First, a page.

AT&T’s CTO and president of AT&T Labs Andre Fuetsch this week said the carrier is planning on a decrease in capital spending in the next several years thanks to the benefits of its software-defined networking (SDN) and network function virtualization (NFV) efforts.
“It’s certainly not going up,” Fuetsch said of AT&T’s capex figure at Nomura’s 2016 Media, Telecom and Internet Conference. “It’s certainly going down.”
In the second quarter, AT&T said it spent a total of around $5.5 billion on capital expenditures across its businesses. Though the carrier didn’t break out capital expenditures on its mobility business, Wells Fargo Securities seems to have pegged the total around $2.7 billion.
Wells Fargo Senior Analyst Jennifer Fritzsche said in a recent research note the top four carriers spent a combined $7.3 billion on capex in the second quarter, with known quantities of $2.8 billion from Verizon, $1.4 billion from T-Mobile and $376 million from Sprint.
According to Fuetsch, AT&T’s “downward trend” in network spending will come courtesy of “efficiencies we’re gaining from vitalization and software.”
“As we deploy more and more virtual functions, and as the hardware that we’re running those virtual functions, as that becomes more commoditized, all those efficiencies we gain back,” Fuetsch explained. “We have the option of turning those investments back into the network or keeping those. So I would say, again, it’s hard to speculate here, but definitely a downward trajectory is what we’re looking at.”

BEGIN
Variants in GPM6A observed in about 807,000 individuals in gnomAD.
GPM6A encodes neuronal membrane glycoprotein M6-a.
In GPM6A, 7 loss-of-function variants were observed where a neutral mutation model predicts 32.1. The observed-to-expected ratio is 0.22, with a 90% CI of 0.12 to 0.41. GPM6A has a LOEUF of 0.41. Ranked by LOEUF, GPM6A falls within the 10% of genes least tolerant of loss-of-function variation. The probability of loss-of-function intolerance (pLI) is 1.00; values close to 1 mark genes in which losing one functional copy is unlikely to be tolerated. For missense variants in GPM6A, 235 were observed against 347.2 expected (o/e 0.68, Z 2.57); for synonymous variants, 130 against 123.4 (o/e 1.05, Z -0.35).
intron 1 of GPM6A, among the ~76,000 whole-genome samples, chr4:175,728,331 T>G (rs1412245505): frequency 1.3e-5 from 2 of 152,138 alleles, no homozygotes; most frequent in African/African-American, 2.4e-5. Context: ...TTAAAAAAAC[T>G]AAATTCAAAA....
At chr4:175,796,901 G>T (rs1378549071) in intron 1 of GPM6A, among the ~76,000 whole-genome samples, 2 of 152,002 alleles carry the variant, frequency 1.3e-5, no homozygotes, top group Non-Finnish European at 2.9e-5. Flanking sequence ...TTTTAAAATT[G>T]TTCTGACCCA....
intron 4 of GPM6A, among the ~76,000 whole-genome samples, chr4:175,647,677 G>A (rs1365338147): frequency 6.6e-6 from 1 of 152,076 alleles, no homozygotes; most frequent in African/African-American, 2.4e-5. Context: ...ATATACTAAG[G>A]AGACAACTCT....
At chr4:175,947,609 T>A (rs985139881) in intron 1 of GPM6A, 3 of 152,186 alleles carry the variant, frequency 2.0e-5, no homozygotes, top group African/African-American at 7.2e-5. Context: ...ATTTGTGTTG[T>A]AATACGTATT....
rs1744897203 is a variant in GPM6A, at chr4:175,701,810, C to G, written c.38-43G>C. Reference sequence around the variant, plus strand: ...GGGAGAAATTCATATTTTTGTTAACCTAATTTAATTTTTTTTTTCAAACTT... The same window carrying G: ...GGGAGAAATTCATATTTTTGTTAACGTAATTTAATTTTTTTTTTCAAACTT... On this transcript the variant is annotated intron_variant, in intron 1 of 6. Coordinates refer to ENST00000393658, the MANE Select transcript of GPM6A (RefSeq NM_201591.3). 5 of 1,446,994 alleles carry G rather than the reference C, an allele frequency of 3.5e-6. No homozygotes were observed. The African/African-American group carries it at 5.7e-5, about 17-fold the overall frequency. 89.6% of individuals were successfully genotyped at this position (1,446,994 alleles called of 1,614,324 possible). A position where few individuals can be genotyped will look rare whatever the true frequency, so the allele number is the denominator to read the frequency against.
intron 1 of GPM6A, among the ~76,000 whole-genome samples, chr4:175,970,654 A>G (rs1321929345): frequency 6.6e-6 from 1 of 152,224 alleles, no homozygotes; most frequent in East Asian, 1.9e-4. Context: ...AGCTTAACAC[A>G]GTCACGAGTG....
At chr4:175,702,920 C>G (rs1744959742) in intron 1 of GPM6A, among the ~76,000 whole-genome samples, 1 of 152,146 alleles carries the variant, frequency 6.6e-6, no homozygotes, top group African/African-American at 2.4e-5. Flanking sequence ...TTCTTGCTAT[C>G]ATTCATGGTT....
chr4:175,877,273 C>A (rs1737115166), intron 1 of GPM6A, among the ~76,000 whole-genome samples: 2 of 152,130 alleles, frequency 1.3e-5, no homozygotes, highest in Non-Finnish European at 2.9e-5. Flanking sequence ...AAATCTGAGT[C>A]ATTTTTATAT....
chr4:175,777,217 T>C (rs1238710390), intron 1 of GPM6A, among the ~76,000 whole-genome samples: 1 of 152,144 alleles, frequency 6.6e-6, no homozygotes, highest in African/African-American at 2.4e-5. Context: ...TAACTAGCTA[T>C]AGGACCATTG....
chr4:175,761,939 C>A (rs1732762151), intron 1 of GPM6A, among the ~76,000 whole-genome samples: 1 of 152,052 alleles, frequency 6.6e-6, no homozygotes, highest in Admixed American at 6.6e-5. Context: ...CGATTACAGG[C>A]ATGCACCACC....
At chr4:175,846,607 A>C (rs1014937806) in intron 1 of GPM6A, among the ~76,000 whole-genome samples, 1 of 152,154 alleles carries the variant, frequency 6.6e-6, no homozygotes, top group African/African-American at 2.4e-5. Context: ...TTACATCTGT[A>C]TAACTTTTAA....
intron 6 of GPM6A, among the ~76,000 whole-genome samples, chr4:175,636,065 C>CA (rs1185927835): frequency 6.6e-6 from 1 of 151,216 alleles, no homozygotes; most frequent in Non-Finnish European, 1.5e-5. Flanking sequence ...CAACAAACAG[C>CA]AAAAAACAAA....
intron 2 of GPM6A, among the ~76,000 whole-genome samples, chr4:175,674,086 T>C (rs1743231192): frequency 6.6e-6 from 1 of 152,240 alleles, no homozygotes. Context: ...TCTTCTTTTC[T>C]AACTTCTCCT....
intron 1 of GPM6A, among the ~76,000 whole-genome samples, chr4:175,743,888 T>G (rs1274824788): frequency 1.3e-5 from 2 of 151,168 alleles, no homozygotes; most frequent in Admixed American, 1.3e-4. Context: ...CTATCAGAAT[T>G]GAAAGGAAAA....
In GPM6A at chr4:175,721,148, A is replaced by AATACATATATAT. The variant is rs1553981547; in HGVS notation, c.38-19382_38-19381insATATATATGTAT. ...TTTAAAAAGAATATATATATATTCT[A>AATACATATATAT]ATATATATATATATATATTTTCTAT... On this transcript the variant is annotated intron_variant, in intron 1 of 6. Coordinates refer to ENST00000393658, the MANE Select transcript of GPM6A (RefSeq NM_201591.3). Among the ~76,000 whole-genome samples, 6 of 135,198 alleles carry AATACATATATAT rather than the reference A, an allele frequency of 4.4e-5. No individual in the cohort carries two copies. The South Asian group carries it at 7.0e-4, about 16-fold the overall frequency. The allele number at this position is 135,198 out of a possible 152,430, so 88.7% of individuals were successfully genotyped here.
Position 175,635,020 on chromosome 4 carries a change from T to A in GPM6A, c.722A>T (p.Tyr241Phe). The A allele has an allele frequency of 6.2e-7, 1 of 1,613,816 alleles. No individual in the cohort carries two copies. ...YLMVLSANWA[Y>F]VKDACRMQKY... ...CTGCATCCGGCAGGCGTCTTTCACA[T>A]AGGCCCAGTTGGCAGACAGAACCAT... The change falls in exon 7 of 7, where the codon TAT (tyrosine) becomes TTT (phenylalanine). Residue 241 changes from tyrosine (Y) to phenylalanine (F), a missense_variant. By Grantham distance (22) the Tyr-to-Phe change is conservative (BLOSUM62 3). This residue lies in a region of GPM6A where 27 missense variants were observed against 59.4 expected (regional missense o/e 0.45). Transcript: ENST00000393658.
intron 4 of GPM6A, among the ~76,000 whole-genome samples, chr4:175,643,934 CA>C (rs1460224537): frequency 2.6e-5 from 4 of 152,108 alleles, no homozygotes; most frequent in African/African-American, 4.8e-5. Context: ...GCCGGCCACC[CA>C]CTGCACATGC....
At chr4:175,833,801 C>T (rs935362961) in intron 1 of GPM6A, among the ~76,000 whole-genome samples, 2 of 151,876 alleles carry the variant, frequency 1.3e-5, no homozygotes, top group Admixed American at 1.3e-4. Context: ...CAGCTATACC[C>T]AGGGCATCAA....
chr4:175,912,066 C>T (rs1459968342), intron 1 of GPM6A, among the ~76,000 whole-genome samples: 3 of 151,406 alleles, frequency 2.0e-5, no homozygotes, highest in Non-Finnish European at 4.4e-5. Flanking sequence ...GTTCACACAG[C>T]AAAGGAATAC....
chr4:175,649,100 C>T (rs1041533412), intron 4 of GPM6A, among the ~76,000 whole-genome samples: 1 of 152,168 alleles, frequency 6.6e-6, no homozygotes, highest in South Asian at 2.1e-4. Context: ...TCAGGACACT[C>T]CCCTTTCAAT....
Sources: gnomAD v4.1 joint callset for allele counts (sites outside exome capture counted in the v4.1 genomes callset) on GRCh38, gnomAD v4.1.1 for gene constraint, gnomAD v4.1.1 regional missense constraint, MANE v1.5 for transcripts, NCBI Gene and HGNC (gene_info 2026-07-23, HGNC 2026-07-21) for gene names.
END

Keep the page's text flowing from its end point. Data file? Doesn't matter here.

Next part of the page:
AT&T has previously said it is aiming to virtualize three quarters of its network by 2020. The carrier earlier this year said it virtualized 5.7 percent of its network in 2015 and is targeting the virtualization of 30 percent of its network by the end of this year.
Fuetsch said AT&T is already seeing returns from its SDN and NFV initiatives, and expects to see more operational savings as SDN and NFV automation take over technician duties. According to Fuetsch, AT&T has managed to put in more than double the capacity into its network in 2015 and 2016 at 75 percent of what it cost them in 2013 and 2014.
“You already see the economics, the efficiencies coming in from these new technologies,” Fuetsch said. “Going forward, we will continue to see the cost-per-megabyte transported to continue to drop. And we’re in the business of connectivity, and that’s what it’s really all about.”